DACs serve as a public good by supporting a more formal structure for companies to hire for, and run decentralized businesses, and are fair and equitable as a result. Though DAOs and DACs are both public goods, we can qualify them through different means of achieving sustainable governance, non-excludability, infrastructure clarity, and the adoptability of blockchain beyond Web3.
DACs as a Governance Solution:
While DAOs pioneered the token-governance model, DACs allow for the use of a reputation-based governance instead of a token-based system. Through DACs, participation and decision-making is based on merit. Members are able to earn reputation scores with consistent contributions made to DACs, encouraging individuals to further empower the system. For example, if you assign responsibility to the operation of an organization, you will get more accountability. This creates a meritocracy-based system that encourages development, as opposed to a plutocracy. Through contributor based governance, DACs allow for the progression of DAO governance that can bring us one step closer to a fairer model of decentralization, and can be classified as non-rivalrous in this regard.
Permissionless and Clearer Infrastructure:
In terms of non-excludability, DACs are deployed on public infrastructure, are open to everyone and are resistant against censorship, where no single entity dictates who is allowed to use the protocol or for what purpose. Similar to a permissionless L1 or L2, the DAC infrastructure is open to any group or individual interested in using its framework.
While permissionless, the structure for DACs are defined and stable, including implemented functions that are fixed to be utilized by a diverse set of users looking to optimize the benefits of decentralization. The DAC infrastructure Metis is building is a solution for a clearer framework to improve organized transparency, accountability and greater legal clarity using native business management tools such as task management and payroll, permission and automation engines, document management, and decentralized job boards. Unlike the dispersed and often inefficient structure (or lack thereof) of DAOs, the standards or rules for the DAC infrastructure are defined, and do not arbitrarily change or serve a special interest.
DACs as a Non-Exclusive Public Good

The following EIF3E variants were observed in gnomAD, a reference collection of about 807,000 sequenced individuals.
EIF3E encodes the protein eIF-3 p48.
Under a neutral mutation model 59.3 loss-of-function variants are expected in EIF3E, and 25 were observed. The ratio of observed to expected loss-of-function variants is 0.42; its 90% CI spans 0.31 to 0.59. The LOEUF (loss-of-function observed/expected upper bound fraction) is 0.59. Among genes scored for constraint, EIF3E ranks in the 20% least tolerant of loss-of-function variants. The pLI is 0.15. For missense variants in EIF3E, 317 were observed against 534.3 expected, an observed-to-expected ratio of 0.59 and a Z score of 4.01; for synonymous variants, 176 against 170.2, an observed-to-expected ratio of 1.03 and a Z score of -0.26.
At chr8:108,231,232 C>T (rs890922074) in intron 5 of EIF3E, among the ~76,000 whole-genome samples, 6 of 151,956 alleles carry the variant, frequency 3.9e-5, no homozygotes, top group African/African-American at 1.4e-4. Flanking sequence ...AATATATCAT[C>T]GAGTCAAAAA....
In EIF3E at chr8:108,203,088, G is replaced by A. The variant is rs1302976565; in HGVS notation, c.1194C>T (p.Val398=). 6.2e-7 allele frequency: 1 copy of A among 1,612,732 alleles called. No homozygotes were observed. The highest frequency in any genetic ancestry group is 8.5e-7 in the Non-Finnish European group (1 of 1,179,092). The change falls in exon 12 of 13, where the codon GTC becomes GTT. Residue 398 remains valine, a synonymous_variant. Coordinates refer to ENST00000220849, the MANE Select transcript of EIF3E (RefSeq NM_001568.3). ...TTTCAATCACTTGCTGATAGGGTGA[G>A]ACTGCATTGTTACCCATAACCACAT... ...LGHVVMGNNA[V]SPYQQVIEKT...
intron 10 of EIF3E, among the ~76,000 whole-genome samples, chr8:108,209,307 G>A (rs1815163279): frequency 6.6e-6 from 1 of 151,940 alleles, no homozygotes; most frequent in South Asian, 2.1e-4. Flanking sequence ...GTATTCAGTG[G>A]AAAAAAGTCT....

Similar to a DAO, the DAC is non-exclusive to create. DACs are community-led and oriented organizations without boundaries, where anyone can collaborate with others. While DAOs can operate as non-profits, social collectives, or other models, the DAC is a subset of DAOs that focuses on a non-exclusive company model. The ability for any individual or group to create a DAC allows entrepreneurs of all types to launch and run decentralized companies using permissionless tools to create and manage decentralized companies.
In addition to a permissionless infrastructure, the DAC also serves as a non-excludable public good to expand job opportunities to wider communities and for the hiring of greater talent. The DAC opens doors for employment and talent recruitment through decentralized job boards as well as task management and payroll infrastructure.
With crypto related job growth up nearly 400% in 2021 alone, along with the amount of DAO participation increasing from 13,000 to 1.7million participants in 2021, there is a clear demand for the onboarding and hiring of talent. With an increase of remote work and employees seeking remote work options, decentralized hiring opens doors for a growing digital workforce and a wider pool of talent. The growth is not limited to Web3 alone, which brings us to our next point: the onboarding of industries outside of Web3.
Onboarding Beyond Web3
The growth of decentralized hiring aligns with another critical component of public goods: its ability to create positive externalities– benefiting the public beyond the immediate set of users (web3 participants). DACs are a major good in the digital world that produce public externalities by opening opportunities for web2 users and companies to integrate into the web3 community.
From a study conducted by Gallup, In 2021, around 9 out of 10 workers in the US wanted some kind of arrangement where they would be able to work at least partially remotely. We need new, trusted models of how remote work is sourced. Decentralized hiring opens up the opportunity as a solution for:
- Allowing traditional companies to source talent
- Providing contract models where there is more freedom for contributors and contractors to find professional work
- Earning credentials using on-chain resumes- where in effect, we are able to better source work and find talent
In the Web3 space specifically, Metis conducted a survey with 1112 respondents across the US to gauge their sentiments around remote work and the emergence of DACs and DAOs. A commanding number of respondents (74.5%) believe that for employers to offer remote options, companies would need to adapt how they do business. Decentralized hiring is here to solve this.
With all of these components in DACs, we can better facilitate global collaborations across a variety of industries. All of these factors make DACs a public good, holding components of non-excludability non-rivalry, and generating positive externalities. DACs are on its way to becoming a critical part of the global infrastructure.